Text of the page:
Mr. Rogers’ Neighborhood has always been special to me. As a kid I watched it all the time. When the show moved to PBS, which is when I was introduced to it, I was older than the target audience, but I loved it anyway. I started watching it again after I went through treatment for alcoholism and drug abuse. People in AA meetings encouraged it because the show promotes all kinds of affirming, feel-good life lessons that alcoholics need to hear and practice. I continued to watch it irregularly until it was taken off the air a few years ago. It always made me feel better regardless of what was going on in my life.
My all-time favorite character on Mr. Rogers is Daniel Striped Tiger. It still amazes me that Rogers voiced both the shy, shy Daniel and the pompous King Friday. One thing I really like about Fred Rogers himself is that when he gave lectures or visited TV talk shows, he would bring out the puppets, but not behind a stage wall, so you knew he was the puppeteer and that the puppets were make believe.
As a kid, when the show took the viewers to the Neighborhood of Make-Believe, I would always get immersed in that fantasy world, even knowing it wasn’t real. As an adult I saw an episode that really bothered me regarding this willing suspension of disbelief. Daniel and the other puppets are at school and Harriet the Cow is introducing a new pupil to the class (I don’t remember which one). Then the puppeteer’s wrist is suddenly visible. It freaked me out. It was very unprofessional! I became critical! But Daniel, always inordinately perceptive, also sees the puppeteer’s wrist. That freaked me out even more! Daniel pointed out the wrist and asked what was going on. Harriet (if I remember correctly) commented that the new character was a puppet and Daniel had an existential crisis. He said something to the effect of “Am I a puppet too? Am I real???” That blew me away. Poor little Daniel. It made me very uncomfortable because it brought up those feelings of derealization and depersonalization that alcoholics and survivors have (not to mention pot philosophers). But I guess in the context of a kid’s mind, it was a way to validate Mr. Rogers’ approach that simultaneously encourages fantasy while teaching that it is just that, fantasy.
I tried looking for the episode online, but I couldn’t find it. I’ve read that PBS is bringing Mr. Rogers back. I hope it’s true. I think Family Communications and the Fred Rogers Center are releasing the show on DVD.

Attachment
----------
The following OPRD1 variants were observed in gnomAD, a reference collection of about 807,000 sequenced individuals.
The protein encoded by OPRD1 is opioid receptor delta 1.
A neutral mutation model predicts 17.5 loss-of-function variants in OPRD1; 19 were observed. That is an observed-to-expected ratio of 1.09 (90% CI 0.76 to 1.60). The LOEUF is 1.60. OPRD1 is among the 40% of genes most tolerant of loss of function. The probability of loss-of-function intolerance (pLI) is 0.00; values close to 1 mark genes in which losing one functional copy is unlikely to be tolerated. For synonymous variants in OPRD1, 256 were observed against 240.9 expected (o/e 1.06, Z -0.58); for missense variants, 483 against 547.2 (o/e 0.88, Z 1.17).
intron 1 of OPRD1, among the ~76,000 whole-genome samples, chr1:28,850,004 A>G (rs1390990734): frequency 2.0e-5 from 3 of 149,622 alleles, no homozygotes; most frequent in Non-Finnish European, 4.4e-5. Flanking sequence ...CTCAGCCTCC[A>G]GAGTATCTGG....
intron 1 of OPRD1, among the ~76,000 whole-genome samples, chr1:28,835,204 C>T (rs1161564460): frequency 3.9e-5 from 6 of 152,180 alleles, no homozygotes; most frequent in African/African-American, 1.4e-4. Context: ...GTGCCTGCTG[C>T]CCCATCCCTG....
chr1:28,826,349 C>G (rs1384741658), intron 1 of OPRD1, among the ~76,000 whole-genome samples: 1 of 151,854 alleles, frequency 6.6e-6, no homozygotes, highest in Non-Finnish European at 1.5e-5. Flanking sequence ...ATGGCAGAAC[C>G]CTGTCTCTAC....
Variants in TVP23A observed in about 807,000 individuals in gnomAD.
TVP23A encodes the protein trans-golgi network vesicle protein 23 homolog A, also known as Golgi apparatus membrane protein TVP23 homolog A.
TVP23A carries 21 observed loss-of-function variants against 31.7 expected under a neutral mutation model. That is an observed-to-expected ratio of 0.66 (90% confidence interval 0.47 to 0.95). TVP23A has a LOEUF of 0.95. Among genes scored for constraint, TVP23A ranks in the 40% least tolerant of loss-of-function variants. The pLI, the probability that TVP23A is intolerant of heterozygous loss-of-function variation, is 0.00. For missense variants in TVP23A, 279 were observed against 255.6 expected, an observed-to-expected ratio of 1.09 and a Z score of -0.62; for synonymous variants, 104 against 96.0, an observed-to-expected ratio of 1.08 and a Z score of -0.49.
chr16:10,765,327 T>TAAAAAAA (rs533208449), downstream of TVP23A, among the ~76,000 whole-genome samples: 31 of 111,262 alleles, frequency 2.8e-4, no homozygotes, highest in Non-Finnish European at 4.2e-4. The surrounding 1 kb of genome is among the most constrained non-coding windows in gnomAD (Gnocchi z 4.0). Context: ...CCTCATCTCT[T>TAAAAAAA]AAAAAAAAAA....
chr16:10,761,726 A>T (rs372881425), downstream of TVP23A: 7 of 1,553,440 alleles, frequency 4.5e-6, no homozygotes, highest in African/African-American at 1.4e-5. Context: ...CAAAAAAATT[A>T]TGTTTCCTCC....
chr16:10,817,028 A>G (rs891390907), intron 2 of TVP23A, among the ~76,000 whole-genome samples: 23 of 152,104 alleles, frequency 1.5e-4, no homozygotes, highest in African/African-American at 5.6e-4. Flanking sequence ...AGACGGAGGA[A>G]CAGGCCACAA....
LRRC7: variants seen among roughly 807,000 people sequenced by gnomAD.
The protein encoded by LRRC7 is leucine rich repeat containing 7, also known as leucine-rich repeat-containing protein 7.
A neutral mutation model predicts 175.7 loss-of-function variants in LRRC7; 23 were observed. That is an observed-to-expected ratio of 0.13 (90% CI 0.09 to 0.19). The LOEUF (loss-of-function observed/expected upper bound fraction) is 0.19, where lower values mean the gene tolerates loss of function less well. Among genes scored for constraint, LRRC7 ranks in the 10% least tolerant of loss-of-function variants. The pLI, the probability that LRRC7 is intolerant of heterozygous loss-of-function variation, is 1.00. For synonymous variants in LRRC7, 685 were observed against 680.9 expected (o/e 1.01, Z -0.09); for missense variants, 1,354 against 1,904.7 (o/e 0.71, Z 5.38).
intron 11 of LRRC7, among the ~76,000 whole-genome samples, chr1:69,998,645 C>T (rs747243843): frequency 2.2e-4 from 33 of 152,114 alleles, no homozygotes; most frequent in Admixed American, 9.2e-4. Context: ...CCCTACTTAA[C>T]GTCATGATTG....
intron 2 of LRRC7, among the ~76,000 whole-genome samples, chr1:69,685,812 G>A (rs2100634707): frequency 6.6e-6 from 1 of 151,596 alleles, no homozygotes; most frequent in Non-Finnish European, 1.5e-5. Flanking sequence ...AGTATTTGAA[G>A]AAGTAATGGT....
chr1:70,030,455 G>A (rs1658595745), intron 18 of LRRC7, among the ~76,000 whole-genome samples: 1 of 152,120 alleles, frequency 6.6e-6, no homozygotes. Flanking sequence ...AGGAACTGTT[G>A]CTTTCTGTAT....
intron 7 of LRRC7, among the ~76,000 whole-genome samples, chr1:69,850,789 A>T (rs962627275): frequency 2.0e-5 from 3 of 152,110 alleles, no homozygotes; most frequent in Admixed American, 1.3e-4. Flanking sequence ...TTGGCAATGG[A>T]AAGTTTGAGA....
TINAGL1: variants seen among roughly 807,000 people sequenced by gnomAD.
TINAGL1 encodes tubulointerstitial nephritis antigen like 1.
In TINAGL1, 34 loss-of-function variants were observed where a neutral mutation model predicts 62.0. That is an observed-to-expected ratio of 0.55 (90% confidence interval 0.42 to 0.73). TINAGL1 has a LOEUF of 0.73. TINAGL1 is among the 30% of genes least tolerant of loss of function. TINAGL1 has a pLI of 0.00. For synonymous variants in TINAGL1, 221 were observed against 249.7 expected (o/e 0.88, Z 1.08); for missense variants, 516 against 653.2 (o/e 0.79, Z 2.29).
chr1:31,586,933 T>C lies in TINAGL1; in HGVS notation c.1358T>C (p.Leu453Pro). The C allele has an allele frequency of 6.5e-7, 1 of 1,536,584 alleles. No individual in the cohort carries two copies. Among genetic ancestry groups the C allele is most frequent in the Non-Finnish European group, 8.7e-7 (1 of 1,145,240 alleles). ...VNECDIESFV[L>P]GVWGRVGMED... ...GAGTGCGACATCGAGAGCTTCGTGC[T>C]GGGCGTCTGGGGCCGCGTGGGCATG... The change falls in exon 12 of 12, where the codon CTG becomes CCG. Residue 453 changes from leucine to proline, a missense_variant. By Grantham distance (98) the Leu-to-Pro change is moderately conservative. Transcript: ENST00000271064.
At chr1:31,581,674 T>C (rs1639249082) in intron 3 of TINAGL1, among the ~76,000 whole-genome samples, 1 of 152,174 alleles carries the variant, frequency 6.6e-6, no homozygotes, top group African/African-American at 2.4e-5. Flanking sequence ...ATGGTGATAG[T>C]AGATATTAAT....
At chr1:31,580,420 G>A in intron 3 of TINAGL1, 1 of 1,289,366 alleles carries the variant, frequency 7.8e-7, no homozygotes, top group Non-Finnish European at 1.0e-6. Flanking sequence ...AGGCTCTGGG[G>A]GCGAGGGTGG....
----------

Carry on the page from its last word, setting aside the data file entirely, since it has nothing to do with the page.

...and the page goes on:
When surfing for the show, I ran into Fox’s reporting of a study about Mr. Rogers’ negative effects. Fox claimed (neutrally, of course) that Mr. Rogers is a force for evil. They raised the study by LSU business professor Don Chance (it would be LSU), who claims that Mr. Rogers created a sense of entitlement in “kids today.” He and Fox say that current parenting practices of rewarding children for just showing up and constantly validating them regardless of their failure has contributed to their belief that they don’t have to work hard to accomplish anything. This relates to school, because they don’t believe they should put in any effort; they feel entitled to get A’s. I do think the “new generation” has a stronger sense of entitlement than those before it, and I do find it annoying. I don’t think we can blame it on Mr. Rogers. I think his validation is more on a sort of spiritual, existential level.
I do wonder at the sort of over-validation “confidence boosting” that helicopter-boomer parents give their kids. I would rather blame that sense of entitlement to capitalism. It creates that “customer is always right” and “I pay for my degree (and your salary” sentiment that turns many students into obnoxious, lazy beasts who expect A’s without stepping up to the plate and who expect your attention 24/7 on their (typically illiterate) terms. Note: This is hardly representative of all students. But faculty are indeed confronted with many students who think they are trading dollars for a superficial education, that reduces education to merely a piece of paper, professors into burger-flippers, and students into burgers (a lamentably common metaphor spoken among faculty these days). And this isn’t even getting into the hyper-individualism promoted by capitalism or the way that capitalism structures the self into a perpetually unsatisfied consumer, and all that high theory stuff. Let’s not go there this morning.